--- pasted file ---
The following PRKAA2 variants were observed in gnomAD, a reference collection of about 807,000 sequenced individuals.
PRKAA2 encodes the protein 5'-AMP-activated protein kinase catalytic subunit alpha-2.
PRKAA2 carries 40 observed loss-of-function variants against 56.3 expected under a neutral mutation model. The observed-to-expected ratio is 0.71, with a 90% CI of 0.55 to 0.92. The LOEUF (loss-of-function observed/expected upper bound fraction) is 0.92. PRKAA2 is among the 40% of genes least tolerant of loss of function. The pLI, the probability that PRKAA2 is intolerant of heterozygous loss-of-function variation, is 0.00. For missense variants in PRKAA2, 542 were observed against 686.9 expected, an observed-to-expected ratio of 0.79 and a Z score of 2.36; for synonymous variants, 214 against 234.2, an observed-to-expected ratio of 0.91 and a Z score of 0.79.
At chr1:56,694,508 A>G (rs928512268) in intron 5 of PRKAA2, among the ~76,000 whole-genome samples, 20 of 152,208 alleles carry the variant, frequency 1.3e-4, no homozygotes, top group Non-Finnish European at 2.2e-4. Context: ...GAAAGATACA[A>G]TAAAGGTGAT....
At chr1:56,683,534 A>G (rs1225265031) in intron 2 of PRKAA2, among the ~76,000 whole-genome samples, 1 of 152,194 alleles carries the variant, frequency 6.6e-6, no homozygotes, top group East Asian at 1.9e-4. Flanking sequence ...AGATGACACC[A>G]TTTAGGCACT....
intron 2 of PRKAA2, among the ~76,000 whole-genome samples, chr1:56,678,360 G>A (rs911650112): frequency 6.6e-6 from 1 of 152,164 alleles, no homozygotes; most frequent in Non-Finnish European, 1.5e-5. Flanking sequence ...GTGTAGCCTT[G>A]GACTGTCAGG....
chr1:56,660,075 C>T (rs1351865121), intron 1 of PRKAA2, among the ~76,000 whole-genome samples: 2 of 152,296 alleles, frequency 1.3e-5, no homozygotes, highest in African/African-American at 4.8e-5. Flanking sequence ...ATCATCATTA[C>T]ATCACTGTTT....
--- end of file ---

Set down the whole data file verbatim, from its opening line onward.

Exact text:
The following PRKAA2 variants were observed in gnomAD, a reference collection of about 807,000 sequenced individuals.
PRKAA2 encodes the protein 5'-AMP-activated protein kinase catalytic subunit alpha-2.
PRKAA2 carries 40 observed loss-of-function variants against 56.3 expected under a neutral mutation model. The observed-to-expected ratio is 0.71, with a 90% CI of 0.55 to 0.92. The LOEUF (loss-of-function observed/expected upper bound fraction) is 0.92. PRKAA2 is among the 40% of genes least tolerant of loss of function. The pLI, the probability that PRKAA2 is intolerant of heterozygous loss-of-function variation, is 0.00. For missense variants in PRKAA2, 542 were observed against 686.9 expected, an observed-to-expected ratio of 0.79 and a Z score of 2.36; for synonymous variants, 214 against 234.2, an observed-to-expected ratio of 0.91 and a Z score of 0.79.
At chr1:56,694,508 A>G (rs928512268) in intron 5 of PRKAA2, among the ~76,000 whole-genome samples, 20 of 152,208 alleles carry the variant, frequency 1.3e-4, no homozygotes, top group Non-Finnish European at 2.2e-4. Context: ...GAAAGATACA[A>G]TAAAGGTGAT....
At chr1:56,683,534 A>G (rs1225265031) in intron 2 of PRKAA2, among the ~76,000 whole-genome samples, 1 of 152,194 alleles carries the variant, frequency 6.6e-6, no homozygotes, top group East Asian at 1.9e-4. Flanking sequence ...AGATGACACC[A>G]TTTAGGCACT....
intron 2 of PRKAA2, among the ~76,000 whole-genome samples, chr1:56,678,360 G>A (rs911650112): frequency 6.6e-6 from 1 of 152,164 alleles, no homozygotes; most frequent in Non-Finnish European, 1.5e-5. Flanking sequence ...GTGTAGCCTT[G>A]GACTGTCAGG....
chr1:56,660,075 C>T (rs1351865121), intron 1 of PRKAA2, among the ~76,000 whole-genome samples: 2 of 152,296 alleles, frequency 1.3e-5, no homozygotes, highest in African/African-American at 4.8e-5. Flanking sequence ...ATCATCATTA[C>T]ATCACTGTTT....